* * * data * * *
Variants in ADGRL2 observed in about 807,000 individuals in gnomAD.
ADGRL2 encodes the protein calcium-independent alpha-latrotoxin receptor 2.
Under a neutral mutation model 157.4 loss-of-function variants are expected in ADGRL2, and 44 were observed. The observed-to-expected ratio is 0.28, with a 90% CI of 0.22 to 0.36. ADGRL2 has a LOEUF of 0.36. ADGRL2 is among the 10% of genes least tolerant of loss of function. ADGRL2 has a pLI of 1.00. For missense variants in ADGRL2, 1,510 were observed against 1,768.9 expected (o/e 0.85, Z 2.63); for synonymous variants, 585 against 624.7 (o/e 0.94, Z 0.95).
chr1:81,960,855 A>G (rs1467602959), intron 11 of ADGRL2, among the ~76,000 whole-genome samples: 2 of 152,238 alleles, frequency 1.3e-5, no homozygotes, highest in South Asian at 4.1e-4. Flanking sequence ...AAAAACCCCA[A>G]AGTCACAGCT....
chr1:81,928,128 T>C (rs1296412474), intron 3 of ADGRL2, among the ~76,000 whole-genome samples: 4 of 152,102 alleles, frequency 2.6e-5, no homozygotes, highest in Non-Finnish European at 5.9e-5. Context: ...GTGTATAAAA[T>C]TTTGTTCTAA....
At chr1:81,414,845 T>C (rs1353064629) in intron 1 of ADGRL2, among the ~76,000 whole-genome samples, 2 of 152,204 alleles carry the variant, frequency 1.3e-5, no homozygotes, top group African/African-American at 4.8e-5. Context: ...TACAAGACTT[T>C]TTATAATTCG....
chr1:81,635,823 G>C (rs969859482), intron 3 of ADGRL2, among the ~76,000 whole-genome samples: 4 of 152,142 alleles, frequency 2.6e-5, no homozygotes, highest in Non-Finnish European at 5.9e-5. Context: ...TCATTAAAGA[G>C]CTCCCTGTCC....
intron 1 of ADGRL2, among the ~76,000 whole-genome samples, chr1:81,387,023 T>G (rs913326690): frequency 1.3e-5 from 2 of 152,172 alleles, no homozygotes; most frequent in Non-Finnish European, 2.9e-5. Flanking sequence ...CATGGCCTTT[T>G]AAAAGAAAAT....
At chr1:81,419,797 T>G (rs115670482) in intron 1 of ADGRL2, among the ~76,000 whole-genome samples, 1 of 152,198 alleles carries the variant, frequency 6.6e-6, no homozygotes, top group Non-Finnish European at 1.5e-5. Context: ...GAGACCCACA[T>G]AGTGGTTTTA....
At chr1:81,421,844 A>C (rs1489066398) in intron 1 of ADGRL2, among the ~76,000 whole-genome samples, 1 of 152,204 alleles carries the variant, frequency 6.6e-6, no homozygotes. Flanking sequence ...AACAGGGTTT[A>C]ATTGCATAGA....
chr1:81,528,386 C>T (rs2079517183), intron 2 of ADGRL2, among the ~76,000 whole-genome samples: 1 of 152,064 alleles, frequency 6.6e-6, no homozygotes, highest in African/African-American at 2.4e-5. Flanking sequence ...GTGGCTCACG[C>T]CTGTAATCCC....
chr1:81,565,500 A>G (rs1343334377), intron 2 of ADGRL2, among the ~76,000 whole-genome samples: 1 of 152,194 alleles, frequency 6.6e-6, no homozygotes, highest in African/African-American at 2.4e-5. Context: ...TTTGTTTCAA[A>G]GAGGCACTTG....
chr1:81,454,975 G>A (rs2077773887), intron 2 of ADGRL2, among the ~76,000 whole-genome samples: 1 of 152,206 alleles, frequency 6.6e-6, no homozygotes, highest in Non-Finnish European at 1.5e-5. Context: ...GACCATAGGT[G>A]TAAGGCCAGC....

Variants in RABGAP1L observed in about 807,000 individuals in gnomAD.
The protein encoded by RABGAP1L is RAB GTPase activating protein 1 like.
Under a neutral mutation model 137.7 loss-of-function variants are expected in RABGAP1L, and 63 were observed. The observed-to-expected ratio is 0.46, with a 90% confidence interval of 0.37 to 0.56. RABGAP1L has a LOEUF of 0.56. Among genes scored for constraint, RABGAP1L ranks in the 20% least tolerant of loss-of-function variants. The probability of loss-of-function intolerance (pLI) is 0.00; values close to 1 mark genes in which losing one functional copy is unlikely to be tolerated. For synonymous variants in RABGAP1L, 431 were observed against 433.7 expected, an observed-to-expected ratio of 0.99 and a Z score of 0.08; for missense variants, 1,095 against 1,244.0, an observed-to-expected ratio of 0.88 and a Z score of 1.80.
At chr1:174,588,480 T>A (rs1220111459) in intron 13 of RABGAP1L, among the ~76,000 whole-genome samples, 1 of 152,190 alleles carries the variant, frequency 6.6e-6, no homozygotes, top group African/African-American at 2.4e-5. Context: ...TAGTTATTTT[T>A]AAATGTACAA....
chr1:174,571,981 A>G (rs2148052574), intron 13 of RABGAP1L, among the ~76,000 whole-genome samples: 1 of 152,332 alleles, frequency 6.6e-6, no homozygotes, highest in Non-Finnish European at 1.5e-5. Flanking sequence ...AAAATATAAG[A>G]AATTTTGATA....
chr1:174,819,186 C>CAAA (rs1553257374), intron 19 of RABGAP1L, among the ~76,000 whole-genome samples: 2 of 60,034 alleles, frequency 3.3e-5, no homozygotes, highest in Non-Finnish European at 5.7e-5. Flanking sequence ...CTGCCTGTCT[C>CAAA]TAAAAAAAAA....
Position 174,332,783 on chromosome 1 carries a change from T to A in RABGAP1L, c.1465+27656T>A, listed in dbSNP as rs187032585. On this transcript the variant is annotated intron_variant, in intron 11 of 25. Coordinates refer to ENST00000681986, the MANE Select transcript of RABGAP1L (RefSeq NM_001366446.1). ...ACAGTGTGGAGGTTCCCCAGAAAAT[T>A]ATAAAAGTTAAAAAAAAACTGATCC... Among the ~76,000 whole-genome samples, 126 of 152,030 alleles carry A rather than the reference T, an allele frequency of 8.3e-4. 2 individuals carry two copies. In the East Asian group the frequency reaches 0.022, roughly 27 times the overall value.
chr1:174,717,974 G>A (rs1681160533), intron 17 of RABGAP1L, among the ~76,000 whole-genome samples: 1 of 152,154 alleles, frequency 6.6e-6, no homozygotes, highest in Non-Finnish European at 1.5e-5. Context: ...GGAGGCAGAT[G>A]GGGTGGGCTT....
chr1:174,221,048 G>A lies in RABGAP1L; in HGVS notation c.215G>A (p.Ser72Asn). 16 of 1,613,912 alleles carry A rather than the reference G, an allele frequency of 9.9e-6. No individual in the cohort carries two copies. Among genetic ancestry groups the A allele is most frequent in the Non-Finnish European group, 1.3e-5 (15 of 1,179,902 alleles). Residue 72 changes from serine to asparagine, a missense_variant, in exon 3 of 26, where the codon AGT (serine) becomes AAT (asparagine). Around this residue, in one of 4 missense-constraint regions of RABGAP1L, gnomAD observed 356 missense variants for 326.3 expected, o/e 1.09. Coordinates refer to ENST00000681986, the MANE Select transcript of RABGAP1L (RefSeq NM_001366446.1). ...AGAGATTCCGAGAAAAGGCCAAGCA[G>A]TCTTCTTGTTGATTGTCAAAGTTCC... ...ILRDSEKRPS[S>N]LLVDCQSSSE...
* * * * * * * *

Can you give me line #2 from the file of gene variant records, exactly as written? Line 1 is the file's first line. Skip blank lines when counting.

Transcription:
ADGRL2 encodes the protein calcium-independent alpha-latrotoxin receptor 2.